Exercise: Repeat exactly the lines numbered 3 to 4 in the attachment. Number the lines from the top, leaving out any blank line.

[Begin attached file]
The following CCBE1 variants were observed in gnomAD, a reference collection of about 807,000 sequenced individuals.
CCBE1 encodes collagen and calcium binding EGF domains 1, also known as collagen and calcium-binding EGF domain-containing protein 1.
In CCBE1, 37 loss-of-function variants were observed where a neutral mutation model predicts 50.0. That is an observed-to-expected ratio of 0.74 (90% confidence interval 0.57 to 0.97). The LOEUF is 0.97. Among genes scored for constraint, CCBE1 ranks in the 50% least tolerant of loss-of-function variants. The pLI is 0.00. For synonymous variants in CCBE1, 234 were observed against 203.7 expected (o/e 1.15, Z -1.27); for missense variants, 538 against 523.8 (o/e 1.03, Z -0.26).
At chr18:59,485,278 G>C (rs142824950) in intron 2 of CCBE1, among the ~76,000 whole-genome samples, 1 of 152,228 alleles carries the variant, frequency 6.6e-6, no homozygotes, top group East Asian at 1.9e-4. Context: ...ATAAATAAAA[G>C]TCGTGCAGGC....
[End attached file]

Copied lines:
In CCBE1, 37 loss-of-function variants were observed where a neutral mutation model predicts 50.0. That is an observed-to-expected ratio of 0.74 (90% confidence interval 0.57 to 0.97). The LOEUF is 0.97. Among genes scored for constraint, CCBE1 ranks in the 50% least tolerant of loss-of-function variants. The pLI is 0.00. For synonymous variants in CCBE1, 234 were observed against 203.7 expected (o/e 1.15, Z -1.27); for missense variants, 538 against 523.8 (o/e 1.03, Z -0.26).
At chr18:59,485,278 G>C (rs142824950) in intron 2 of CCBE1, among the ~76,000 whole-genome samples, 1 of 152,228 alleles carries the variant, frequency 6.6e-6, no homozygotes, top group East Asian at 1.9e-4. Context: ...ATAAATAAAA[G>C]TCGTGCAGGC....